Changing Lives: One Zipper At A Time

Jacqueline Cameron’s labour of love proving a boon for people who need help getting dressed

Jacqueline Cameron
Jacqueline Cameron is the driving force behind Super Fly.

Jacqueline Cameron’s love for her late husband is sewn into every piece of her company’s adaptable clothing being worn by people who suffer mobility issues.

When the stress of getting dressed affected Jack Cameron’s motivation to even get out of his pyjamas and Jacqueline’s search for quality, stylish and comfortable adapted clothing proved fruitless, she knew she had to do something to ease the pain, for both their sakes.

Jack Cameron, a noted chiropractor and father of 10, including Olympic champion swimmer Michelle Cameron, was diagnosed with an unrelenting degenerative muscle disease in 1992.

Getting dressed proved to be one of the greatest challenges that emerged, to the point where it was taking Jacqueline up to an hour to help Jack put his clothes on. “I would see this painful look from Jack,” she says “And I thought, ‘no, we can’t do that.’”

Driven by necessity and love, Jacqueline wielded her biggest pair of scissors up the sides of Jack’s pants – while he was wearing them – then sewed zippers into place. It made the pants a breeze to put on and take off. Her success spurred on more alterations and a whole new and far less cumbersome way to help Jack get dressed. The ‘Super Fly’ was born.

Cameron says clever zipper placement on any piece of clothing eases the dressing process dramatically. “I’m very good at visualizing things,” she says. “I pick the best place to put the zipper.” The result makes getting dressed easier, faster and safer for both the caregiver and the patient.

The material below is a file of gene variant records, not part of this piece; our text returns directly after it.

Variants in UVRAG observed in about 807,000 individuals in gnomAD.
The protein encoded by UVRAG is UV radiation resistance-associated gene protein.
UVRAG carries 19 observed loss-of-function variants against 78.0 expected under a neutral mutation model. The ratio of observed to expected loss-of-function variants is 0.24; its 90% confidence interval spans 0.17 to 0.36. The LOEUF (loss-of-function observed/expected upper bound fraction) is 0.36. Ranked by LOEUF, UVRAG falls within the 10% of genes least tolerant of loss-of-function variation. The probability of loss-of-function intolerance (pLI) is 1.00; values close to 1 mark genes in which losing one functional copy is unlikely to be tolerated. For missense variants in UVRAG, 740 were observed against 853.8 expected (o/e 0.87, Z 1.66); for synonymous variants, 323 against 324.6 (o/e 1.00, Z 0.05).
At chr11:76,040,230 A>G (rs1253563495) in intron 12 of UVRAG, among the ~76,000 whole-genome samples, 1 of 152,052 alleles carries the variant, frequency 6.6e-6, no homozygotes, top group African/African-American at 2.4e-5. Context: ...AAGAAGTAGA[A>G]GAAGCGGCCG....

When Jack’s therapists saw the clothes that Jacqueline had created, they urged her to make more to help others. So, at age 75 and 77, Jacqueline and Jack launched their labour of love, with the goal of changing lives – one zipper at a time. They wanted Super Fly clothing to be accessible threefold: to help people get dressed, be affordable and available online.

Michelle Cameron, who helps with her mother’s company, says Super Fly is for anyone with mobility issues. “We have helped people with brain injuries, cerebral palsy, muscular dystrophy, stroke, ALS, amputation and more,” she says.

Super Fly has partnered with retail giant SportChek to source clothing and materials and now offers stylish and comfortable clothes with subtle and effective alterations, each one made when an order is placed through the Super Fly website. It launched on April 26 – one year after Jack’s death in 2016.

Patrick Jarvis, Super Fly board member, executive director at Canada Snowboard and 1992 Paralympian in athletics, extols the virtues of the clothing line for its profound impact on quality of life for both the caregiver and the person with a disability. “It’s a whole other level of dignity for people with limited mobility,” he says.

Getting dressed is a point of pride and self-esteem for those with mobility issues – something that able-bodied individuals take for granted. “If you adapt clothing to Super Fly, you eliminate the handicap from clothing,” Jarvis says.

In the end, Super Fly gave Jack meaning and purpose in the final years of his life. “Something good comes from everything,” says Jacqueline. “And this is the good, forever.”

 

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